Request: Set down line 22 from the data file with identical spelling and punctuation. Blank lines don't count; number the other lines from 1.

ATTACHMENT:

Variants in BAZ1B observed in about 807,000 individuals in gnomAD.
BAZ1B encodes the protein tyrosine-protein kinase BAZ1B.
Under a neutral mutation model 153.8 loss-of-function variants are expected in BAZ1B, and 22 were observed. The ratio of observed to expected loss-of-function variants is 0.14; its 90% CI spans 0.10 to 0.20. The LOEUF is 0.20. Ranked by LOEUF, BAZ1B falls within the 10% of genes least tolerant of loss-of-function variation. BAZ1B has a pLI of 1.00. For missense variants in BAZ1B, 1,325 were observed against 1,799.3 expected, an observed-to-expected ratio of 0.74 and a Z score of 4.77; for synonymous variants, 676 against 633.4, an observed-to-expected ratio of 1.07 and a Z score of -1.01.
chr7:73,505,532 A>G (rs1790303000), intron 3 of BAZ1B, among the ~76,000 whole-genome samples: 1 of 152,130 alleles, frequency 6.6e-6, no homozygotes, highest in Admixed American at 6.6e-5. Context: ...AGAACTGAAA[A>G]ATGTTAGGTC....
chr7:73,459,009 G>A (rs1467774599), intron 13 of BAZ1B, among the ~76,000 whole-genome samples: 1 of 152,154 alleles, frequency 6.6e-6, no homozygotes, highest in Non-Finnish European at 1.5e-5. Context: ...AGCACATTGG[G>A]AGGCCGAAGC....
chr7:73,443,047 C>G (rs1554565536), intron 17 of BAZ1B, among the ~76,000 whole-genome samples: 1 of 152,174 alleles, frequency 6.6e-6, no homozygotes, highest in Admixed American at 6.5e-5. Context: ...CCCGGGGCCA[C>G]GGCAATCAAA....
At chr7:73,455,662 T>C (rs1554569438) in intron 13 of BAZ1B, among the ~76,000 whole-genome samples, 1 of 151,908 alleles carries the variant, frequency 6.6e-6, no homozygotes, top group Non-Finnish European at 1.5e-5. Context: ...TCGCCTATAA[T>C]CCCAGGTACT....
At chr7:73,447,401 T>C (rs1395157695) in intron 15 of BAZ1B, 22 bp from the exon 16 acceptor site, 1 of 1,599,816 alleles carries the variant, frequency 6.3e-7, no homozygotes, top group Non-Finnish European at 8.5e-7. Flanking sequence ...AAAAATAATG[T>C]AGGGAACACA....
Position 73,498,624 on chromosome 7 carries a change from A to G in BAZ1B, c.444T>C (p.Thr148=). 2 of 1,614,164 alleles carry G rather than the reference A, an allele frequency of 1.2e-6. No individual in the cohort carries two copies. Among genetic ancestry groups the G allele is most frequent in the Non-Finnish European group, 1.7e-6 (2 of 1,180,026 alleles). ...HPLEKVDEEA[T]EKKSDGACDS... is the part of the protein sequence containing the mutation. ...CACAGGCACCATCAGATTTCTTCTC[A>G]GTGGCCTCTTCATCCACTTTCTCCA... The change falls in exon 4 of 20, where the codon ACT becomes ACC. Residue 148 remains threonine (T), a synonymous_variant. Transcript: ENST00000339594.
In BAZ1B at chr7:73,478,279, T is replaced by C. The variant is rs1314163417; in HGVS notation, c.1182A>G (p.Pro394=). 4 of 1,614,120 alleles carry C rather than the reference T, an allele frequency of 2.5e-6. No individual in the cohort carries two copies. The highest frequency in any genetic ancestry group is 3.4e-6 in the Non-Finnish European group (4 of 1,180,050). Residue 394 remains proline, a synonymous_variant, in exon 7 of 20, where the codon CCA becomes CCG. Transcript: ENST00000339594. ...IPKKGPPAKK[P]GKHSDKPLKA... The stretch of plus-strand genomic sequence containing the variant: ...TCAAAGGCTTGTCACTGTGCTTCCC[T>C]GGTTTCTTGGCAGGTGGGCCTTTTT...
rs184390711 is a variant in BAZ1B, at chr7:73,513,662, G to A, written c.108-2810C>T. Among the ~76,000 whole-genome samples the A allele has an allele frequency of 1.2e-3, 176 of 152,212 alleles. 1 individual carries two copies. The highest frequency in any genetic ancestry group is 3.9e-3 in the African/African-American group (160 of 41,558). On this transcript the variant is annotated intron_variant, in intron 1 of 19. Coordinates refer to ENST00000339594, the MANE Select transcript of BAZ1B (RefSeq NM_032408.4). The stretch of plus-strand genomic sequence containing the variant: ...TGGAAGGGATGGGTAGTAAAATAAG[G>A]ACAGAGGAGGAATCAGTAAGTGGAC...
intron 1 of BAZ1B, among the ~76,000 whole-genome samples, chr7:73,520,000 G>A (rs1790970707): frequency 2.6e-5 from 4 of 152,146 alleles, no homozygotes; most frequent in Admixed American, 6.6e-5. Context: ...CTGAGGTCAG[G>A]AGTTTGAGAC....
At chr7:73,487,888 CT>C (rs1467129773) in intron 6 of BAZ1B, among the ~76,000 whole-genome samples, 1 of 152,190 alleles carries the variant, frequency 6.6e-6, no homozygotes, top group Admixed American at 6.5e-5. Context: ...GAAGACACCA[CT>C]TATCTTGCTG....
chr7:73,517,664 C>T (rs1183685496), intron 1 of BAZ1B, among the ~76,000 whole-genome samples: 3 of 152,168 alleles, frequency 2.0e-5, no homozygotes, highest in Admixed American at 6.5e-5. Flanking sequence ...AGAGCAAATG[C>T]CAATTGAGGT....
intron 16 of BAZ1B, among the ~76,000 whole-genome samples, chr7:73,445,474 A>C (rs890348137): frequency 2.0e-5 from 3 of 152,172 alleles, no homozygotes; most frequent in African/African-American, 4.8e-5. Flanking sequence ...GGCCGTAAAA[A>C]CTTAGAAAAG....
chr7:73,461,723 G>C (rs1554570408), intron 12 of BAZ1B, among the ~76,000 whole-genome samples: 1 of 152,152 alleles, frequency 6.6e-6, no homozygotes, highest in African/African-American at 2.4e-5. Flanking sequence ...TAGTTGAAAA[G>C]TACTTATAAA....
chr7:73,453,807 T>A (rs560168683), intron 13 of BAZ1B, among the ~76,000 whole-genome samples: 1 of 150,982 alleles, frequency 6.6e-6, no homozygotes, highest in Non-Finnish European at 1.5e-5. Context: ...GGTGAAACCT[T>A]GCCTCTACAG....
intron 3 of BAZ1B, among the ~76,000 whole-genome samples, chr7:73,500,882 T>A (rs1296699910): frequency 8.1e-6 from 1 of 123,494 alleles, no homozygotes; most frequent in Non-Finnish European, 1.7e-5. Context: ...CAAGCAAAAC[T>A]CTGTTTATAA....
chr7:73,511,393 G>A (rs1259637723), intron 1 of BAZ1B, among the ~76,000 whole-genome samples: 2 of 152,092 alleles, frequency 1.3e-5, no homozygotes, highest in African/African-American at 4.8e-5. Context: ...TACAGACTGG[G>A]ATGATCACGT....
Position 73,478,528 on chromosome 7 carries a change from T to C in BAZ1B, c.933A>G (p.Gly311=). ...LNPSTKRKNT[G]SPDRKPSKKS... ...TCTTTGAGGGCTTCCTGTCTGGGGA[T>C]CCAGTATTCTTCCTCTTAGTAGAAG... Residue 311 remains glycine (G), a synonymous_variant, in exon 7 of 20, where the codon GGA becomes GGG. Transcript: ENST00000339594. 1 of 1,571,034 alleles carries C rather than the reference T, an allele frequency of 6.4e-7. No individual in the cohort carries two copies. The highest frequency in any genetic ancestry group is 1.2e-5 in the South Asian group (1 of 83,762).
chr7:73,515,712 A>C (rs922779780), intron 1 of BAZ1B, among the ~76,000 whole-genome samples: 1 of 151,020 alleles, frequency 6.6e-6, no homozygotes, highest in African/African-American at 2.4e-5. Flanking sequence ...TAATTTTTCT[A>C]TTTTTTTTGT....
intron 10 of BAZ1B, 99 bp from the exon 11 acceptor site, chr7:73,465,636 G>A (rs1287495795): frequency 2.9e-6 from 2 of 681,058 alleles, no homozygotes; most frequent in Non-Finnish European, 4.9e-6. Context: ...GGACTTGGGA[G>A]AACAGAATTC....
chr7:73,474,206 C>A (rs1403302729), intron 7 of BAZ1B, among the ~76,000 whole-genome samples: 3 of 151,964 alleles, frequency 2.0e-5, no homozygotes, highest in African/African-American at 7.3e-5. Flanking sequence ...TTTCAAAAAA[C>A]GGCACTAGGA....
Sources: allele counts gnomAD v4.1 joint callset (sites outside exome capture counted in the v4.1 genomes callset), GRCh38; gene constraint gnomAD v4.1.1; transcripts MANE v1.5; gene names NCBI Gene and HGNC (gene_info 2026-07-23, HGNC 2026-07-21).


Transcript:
intron 10 of BAZ1B, 99 bp from the exon 11 acceptor site, chr7:73,465,636 G>A (rs1287495795): frequency 2.9e-6 from 2 of 681,058 alleles, no homozygotes; most frequent in Non-Finnish European, 4.9e-6. Context: ...GGACTTGGGA[G>A]AACAGAATTC....